Venison History, Family Crest & Coats of Arms

The Venison surname is derived for the German words "Vogel," meaning "bird" and "Sang," meaning "song." The name is generally thought to be of nickname origin, that is, the original bearer of the name may have been a singer. Alternatively the name may have been of locative origin from a place where one could hear bird songs. The American surname Birdsong is a direct translation of the Germanic name Vogelsang.

Alternatively, the name could have been Norman, having derived from Venoix, near Caen which was held by the hereditary Marshals of the Stable of the Dukes of Normandy. [1]

Early Origins of the Venison family

The surname Venison was first found in Kent where in the year 1314, John Venesoun was listed in the Feet of Fines. [2]

Four brothers of this house are entered in Domesday: Robert de Hastings (see Hastings); Roger; Ceroid; and Gosfrid. The latter was the father of Gilbert, who, with his son John, was impleaded by Robert de Venoix and William de Hastings for the Office of Mareschal to the King, which, although it could not have been theirs by right of birth, they then held, and successfully maintained. John espoused the cause of the Empress Maud, and was rewarded on her son's accession with lands of great value in Wiltshire. [1]

Henry II. further confirmed the office of Lord Mareschal to the next heir, his son John, who accordingly bore the great gilt Spurs at the coronation of Coeur de Lion, and was succeeded by his brother William at that time one of the great potentates of the land in 1199. [1]

Early History of the Venison family

This web page shows only a small excerpt of our Venison research. Another 72 words (5 lines of text) covering the years 1334, 1455 and 1487 are included under the topic Early Venison History in all our PDF Extended History products and printed products wherever possible.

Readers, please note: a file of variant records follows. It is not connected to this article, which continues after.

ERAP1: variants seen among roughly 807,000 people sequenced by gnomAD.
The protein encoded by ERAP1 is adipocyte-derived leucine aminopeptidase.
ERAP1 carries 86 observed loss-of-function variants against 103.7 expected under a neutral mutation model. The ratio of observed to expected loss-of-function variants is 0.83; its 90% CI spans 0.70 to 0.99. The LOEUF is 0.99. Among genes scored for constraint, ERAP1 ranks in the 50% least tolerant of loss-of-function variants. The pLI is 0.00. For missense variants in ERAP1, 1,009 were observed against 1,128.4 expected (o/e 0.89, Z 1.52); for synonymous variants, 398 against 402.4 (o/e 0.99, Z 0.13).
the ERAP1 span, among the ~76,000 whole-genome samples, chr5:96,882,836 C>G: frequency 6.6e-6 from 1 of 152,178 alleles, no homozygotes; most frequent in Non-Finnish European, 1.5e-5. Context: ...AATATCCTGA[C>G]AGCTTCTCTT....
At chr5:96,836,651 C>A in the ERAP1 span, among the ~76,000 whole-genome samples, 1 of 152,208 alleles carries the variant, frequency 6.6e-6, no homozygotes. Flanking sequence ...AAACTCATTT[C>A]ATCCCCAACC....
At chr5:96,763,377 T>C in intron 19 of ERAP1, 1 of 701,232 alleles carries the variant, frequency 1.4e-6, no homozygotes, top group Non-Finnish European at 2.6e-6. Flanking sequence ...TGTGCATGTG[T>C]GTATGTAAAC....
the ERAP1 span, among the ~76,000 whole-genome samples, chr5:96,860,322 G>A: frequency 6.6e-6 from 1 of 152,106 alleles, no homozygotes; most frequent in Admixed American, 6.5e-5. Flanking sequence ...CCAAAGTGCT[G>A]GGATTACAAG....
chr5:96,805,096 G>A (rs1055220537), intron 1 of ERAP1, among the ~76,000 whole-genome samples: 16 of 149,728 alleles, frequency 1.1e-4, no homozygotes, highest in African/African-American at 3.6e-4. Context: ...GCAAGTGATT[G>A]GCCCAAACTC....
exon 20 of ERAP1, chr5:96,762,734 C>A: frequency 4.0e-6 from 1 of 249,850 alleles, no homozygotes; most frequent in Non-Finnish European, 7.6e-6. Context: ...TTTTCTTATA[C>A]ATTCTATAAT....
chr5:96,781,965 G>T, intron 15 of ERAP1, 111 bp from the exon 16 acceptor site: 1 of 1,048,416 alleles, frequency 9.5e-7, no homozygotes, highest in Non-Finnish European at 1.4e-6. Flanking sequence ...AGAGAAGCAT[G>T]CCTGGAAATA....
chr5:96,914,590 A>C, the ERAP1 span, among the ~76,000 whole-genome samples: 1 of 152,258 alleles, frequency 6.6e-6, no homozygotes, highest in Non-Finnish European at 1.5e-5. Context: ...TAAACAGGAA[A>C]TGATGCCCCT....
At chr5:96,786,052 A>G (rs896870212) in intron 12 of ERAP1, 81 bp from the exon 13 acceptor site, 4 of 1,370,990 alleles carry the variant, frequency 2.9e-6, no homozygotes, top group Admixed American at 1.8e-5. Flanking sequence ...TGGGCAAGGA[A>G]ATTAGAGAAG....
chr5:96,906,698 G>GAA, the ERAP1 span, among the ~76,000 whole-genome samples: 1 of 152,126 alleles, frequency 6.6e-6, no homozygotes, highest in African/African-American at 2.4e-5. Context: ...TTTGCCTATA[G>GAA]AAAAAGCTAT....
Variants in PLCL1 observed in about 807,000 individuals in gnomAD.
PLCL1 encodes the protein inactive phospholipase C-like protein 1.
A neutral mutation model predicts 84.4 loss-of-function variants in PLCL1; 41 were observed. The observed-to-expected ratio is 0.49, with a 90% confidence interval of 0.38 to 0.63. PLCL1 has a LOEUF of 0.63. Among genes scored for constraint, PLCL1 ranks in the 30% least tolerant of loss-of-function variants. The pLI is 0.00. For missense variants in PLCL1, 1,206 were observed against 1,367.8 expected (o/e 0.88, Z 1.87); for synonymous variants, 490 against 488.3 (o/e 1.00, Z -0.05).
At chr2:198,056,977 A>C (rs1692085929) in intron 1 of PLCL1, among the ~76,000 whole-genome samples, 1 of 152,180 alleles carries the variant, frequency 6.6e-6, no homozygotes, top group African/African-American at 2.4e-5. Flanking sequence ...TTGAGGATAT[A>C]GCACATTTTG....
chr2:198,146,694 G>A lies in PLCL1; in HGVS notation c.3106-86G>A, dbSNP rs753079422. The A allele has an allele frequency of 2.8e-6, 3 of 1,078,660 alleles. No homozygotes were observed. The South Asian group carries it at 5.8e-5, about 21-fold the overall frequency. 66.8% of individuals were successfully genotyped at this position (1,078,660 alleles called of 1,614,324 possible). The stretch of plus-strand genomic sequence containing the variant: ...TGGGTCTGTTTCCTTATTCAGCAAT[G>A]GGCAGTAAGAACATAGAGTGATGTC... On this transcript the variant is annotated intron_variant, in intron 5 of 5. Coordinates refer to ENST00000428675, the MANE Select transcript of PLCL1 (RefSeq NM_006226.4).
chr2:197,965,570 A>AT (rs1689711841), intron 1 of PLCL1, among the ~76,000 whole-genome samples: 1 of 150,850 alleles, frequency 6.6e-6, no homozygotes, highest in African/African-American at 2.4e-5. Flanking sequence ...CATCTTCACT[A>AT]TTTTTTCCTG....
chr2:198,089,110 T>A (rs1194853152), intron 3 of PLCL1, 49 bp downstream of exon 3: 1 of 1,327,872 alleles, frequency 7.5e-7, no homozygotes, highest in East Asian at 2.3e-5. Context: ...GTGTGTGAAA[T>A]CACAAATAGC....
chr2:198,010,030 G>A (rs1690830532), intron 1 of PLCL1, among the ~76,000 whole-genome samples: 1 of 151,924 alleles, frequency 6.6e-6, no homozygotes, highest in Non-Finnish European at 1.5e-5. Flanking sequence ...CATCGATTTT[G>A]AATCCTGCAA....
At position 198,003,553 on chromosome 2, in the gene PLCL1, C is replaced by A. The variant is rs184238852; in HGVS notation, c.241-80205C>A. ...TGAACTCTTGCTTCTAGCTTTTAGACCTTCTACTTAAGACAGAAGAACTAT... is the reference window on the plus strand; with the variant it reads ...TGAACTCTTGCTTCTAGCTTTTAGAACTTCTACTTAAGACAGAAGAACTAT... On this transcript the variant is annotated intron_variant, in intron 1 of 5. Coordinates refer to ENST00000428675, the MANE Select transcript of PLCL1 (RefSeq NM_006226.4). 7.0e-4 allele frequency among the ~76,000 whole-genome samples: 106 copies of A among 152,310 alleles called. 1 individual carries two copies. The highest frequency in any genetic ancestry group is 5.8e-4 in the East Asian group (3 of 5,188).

Venison Spelling Variations

Norman surnames are characterized by a multitude of spelling variations. The frequent changes in surnames are largely due to the fact that the Old and Middle English languages lacked definite spelling rules. The introduction of Norman French to England, as well as the official court languages of Latin and French, also had pronounced influences on the spelling of surnames. Since medieval scribes and church officials recorded names as they sounded, rather than adhering to any specific spelling rules, it was common to find the same individual referred to with different spellings. The name has been spelled Venison, Veness, Venes, Venis, Venus, Vennison, Venoix and many more.

Early Notables of the Venison family (pre 1700)

More information is included under the topic Early Venison Notables in all our PDF Extended History products and printed products wherever possible.


United States Venison migration to the United States +

Many English families emigrated to North American colonies in order to escape the political chaos in Britain at this time. Unfortunately, many English families made the trip to the New World under extremely harsh conditions. Overcrowding on the ships caused the majority of the immigrants to arrive diseased, famished, and destitute from the long journey across the stormy Atlantic. Despite these hardships, many of the families prospered and went on to make invaluable contributions to the development of the cultures of the United States and Canada. Early North American immigration records have revealed a number of people bearing the name Venison or a variant listed above:

Venison Settlers in United States in the 17th Century
  • Ben Venison who went to Virginia in 1654
  • Ben Venison, who landed in Virginia in 1654 [3]


  1. ^ Cleveland, Dutchess of The Battle Abbey Roll with some Account of the Norman Lineages. London: John Murray, Abermarle Street, 1889. Print. Volume 3 of 3
  2. ^ Reaney, P.H and R.M. Wilson, A Dictionary of English Surnames. London: Routledge, 1991. Print. (ISBN 0-415-05737-X)
  3. ^ Filby, P. William, Meyer, Mary K., Passenger and immigration lists index : a guide to published arrival records of about 500,000 passengers who came to the United States and Canada in the seventeenth, eighteenth, and nineteenth centuries. 1982-1985 Cumulated Supplements in Four Volumes Detroit, Mich. : Gale Research Co., 1985, Print (ISBN 0-8103-1795-8)


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